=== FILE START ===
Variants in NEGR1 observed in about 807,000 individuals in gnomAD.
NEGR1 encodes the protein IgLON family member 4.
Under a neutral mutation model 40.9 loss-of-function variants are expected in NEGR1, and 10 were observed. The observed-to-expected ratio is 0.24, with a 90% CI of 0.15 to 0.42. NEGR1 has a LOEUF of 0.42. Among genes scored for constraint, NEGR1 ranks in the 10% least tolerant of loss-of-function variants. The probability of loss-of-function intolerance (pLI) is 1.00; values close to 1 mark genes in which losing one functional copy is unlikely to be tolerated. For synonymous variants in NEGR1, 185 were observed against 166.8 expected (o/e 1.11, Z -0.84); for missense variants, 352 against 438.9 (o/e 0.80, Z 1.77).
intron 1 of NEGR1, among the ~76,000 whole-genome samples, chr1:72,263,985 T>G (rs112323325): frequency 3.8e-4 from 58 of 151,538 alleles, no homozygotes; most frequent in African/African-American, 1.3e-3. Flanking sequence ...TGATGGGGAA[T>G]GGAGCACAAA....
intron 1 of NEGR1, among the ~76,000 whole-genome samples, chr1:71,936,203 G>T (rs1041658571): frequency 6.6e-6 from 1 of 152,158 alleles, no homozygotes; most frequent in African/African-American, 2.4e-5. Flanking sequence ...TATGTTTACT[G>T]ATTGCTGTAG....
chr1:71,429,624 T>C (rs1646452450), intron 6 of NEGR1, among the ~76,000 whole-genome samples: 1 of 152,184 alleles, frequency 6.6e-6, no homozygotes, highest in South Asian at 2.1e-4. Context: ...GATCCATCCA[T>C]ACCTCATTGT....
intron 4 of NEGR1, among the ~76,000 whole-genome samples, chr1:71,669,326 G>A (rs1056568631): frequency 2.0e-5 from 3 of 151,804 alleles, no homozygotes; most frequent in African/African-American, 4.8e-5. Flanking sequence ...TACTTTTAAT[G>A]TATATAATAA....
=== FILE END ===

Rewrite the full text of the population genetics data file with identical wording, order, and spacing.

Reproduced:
Variants in NEGR1 observed in about 807,000 individuals in gnomAD.
NEGR1 encodes the protein IgLON family member 4.
Under a neutral mutation model 40.9 loss-of-function variants are expected in NEGR1, and 10 were observed. The observed-to-expected ratio is 0.24, with a 90% CI of 0.15 to 0.42. NEGR1 has a LOEUF of 0.42. Among genes scored for constraint, NEGR1 ranks in the 10% least tolerant of loss-of-function variants. The probability of loss-of-function intolerance (pLI) is 1.00; values close to 1 mark genes in which losing one functional copy is unlikely to be tolerated. For synonymous variants in NEGR1, 185 were observed against 166.8 expected (o/e 1.11, Z -0.84); for missense variants, 352 against 438.9 (o/e 0.80, Z 1.77).
intron 1 of NEGR1, among the ~76,000 whole-genome samples, chr1:72,263,985 T>G (rs112323325): frequency 3.8e-4 from 58 of 151,538 alleles, no homozygotes; most frequent in African/African-American, 1.3e-3. Flanking sequence ...TGATGGGGAA[T>G]GGAGCACAAA....
intron 1 of NEGR1, among the ~76,000 whole-genome samples, chr1:71,936,203 G>T (rs1041658571): frequency 6.6e-6 from 1 of 152,158 alleles, no homozygotes; most frequent in African/African-American, 2.4e-5. Flanking sequence ...TATGTTTACT[G>T]ATTGCTGTAG....
chr1:71,429,624 T>C (rs1646452450), intron 6 of NEGR1, among the ~76,000 whole-genome samples: 1 of 152,184 alleles, frequency 6.6e-6, no homozygotes, highest in South Asian at 2.1e-4. Context: ...GATCCATCCA[T>C]ACCTCATTGT....
intron 4 of NEGR1, among the ~76,000 whole-genome samples, chr1:71,669,326 G>A (rs1056568631): frequency 2.0e-5 from 3 of 151,804 alleles, no homozygotes; most frequent in African/African-American, 4.8e-5. Flanking sequence ...TACTTTTAAT[G>A]TATATAATAA....